If Navy upsets Boston College in the Meineke Car Care Bowl on New Year's weekend, thousands of midshipmen who attend -- spending up to $400 in travel funds supplied by the Naval Academy -- could get an extra weekend off, according to tradition.
The football program will get priceless publicity, and the school's athletic department will collect at least a million-dollar windfall that could push profits above last year's $6.2 million.
Win or lose, Paul Johnson will walk off the field as one of college football's highest-paid coaches, after getting a hefty raise on Thursday.
Football, and the money that comes with it, is an integral part of academy life. But at a school whose primary mission is to produce combat leaders, some recent off-the-field conduct has prompted critics to wonder whether too much emphasis is placed on football and whether players are held to a different standard -- one that is easier and more privileged -- than other midshipmen.
"Frankly, I hope that America is being defended by the best Navy men and women that the academy can get and not by some doofus that could catch a football," said Murray Sperber, a former English professor at Indiana University who has been an ardent critic of how far colleges go to make exceptions for athletes.
The team's reputation has been blemished in recent months by two highly public rape trials, former star fullback Kyle Eckel's involuntary expulsion from the military, and the revelation that seven players used steroids in early 2005. Five of those players were almost immediately allowed to participate in spring practice and scrimmages, hobnob with President Bush, and play in 2005's bowl-winning season.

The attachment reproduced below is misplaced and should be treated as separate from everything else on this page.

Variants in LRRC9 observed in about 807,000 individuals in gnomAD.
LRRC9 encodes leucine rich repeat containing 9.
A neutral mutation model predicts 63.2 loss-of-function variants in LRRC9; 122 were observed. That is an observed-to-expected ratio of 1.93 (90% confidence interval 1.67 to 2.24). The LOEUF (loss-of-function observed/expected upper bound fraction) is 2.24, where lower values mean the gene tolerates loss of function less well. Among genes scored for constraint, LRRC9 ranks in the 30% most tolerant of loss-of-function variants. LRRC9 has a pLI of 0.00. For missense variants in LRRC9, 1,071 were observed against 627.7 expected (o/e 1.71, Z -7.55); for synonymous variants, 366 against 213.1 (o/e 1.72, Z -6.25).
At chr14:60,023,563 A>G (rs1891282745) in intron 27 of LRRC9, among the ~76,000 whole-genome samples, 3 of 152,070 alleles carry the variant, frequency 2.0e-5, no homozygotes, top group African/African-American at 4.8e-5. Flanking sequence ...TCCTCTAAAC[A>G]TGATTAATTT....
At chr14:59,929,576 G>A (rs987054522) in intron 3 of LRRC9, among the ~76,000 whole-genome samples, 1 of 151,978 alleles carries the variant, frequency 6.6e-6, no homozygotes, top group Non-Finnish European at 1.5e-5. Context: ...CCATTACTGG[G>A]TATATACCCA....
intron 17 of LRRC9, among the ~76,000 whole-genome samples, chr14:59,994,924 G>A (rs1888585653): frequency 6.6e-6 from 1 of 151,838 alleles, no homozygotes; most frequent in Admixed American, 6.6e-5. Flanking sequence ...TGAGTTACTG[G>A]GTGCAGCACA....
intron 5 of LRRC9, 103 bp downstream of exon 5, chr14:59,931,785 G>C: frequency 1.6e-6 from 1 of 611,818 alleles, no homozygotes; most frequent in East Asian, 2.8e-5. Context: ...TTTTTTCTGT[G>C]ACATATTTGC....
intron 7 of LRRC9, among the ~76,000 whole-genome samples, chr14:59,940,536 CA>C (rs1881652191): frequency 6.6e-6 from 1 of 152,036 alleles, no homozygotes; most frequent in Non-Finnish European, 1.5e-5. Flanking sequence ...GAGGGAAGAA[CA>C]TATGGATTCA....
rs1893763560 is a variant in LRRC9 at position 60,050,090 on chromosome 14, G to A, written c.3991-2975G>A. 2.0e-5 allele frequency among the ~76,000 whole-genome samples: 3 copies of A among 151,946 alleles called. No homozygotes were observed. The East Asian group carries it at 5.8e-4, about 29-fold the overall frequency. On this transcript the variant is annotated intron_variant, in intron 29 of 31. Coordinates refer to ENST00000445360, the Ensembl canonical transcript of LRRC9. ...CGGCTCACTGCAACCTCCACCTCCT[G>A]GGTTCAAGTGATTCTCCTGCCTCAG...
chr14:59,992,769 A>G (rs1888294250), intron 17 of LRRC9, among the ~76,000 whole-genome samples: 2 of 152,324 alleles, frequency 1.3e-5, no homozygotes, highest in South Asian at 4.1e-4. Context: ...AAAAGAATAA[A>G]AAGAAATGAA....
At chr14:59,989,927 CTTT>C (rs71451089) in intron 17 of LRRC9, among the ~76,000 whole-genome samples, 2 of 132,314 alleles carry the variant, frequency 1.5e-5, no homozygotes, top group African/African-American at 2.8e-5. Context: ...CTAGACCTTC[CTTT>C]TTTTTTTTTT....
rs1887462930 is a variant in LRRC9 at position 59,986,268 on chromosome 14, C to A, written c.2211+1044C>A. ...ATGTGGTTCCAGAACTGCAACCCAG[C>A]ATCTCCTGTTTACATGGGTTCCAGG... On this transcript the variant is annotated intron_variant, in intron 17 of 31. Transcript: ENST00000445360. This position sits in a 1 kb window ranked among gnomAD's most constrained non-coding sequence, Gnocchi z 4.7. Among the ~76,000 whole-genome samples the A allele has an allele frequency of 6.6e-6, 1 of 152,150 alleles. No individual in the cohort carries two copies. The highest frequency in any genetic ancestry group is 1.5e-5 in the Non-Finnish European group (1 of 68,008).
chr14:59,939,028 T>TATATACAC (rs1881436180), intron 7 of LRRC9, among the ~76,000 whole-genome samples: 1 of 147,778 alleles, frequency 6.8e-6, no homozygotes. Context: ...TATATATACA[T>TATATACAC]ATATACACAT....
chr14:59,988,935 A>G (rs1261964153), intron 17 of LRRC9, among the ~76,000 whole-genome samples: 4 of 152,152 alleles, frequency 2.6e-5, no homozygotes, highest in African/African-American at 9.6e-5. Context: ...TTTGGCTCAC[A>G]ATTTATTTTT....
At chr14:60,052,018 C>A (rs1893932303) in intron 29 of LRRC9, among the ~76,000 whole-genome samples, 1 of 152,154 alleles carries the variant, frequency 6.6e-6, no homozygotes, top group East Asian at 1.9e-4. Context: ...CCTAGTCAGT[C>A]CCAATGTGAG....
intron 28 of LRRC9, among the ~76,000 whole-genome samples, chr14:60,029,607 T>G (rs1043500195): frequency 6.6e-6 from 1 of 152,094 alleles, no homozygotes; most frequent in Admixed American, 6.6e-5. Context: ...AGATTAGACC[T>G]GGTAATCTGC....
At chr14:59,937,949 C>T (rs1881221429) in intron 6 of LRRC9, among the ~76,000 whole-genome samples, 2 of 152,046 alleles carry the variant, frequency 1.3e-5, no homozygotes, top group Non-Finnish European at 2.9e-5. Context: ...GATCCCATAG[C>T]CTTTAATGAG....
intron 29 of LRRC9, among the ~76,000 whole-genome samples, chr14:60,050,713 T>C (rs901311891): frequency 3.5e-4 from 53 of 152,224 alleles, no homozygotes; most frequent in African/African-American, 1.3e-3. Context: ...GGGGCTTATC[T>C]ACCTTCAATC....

Navy's troubles are minor compared to those of some other top football programs, and the team's 98 percent graduation rate ranks it first among all 119 Division I-A teams.
Through an academy spokesman, top athletic and administrative officials declined to be interviewed for this article, and in a written response to questions, school officials declined to discuss any specific disciplinary cases, citing privacy restrictions.
"All midshipmen are held to the same high standards and requirements and are held accountable for their actions," the statement read. "It is highly unusual when one of our 4,200 midshipmen is alleged to fall short of the standards we seek to imbue in our future officers. In those rare instances where there are allegations of misconduct, we take them seriously, investigate fully and act on the facts."
Last year, the team earned $16.6 million in revenue, almost three times the amount taken in during 2002, the last losing season before Johnson arrived and pioneered a football renaissance. That season, the overall athletic program lost more than $3 million, but Navy's winning ways -- including four consecutive bowl appearances and victories over Army -- have led to a sharp turnaround. In the 2004-2005 academic year, varsity sports at the academy generated a $3 million profit.
Navy football helps finance the school's 30 other varsity sports, a huge commitment for a school with an enrollment around 4,200. According to financial reports compiled annually for the Equity in Athletics Disclosure Act, the football program is the only varsity sport in the black.
The team's overall revenue also compares well with other big college programs. In the 2004-2005 academic year, the Maryland Terrapins football team had about $9.3 million in revenue, compared with Navy's almost $15 million.
Johnson's salary of at least $1.5 million, incentives included, compares with coaches' pay at perennial contenders Alabama, LSU and Texas.
Despite its 9-3 record and bowl date, Navy is no longer the first-rank football power it once was. In the 1950s and '60s, the academy nurtured national title aspirations, competing in the Sugar, Cotton and Orange bowls and fielding two Heisman Trophy winners: halfback Joe Bellino in 1960 and quarterback Roger Staubach in 1963.
Today, the Sagarin ratings index -- one of six computer rankings used by the Bowl Championship Series -- ranks Navy 43rd among Division I football programs, and rates its strength of schedule just 91st.
Still, for a school that does not award athletic scholarships and rarely produces a pro prospect, it does well. The Terps, also bowl-bound with an 8-4 record, are ranked 48th by Sagarin through the games of Dec. 2.
During the fall, life at the academy to a certain degree revolves around Navy's wins and losses. Attendance at home games and pep rallies is mandatory, with sometimes severe penalties levied on those who don't show. Spirited cheering can mean a weekend off, and for plebes, a win can mean a break from having to run everywhere they go in the dormitory.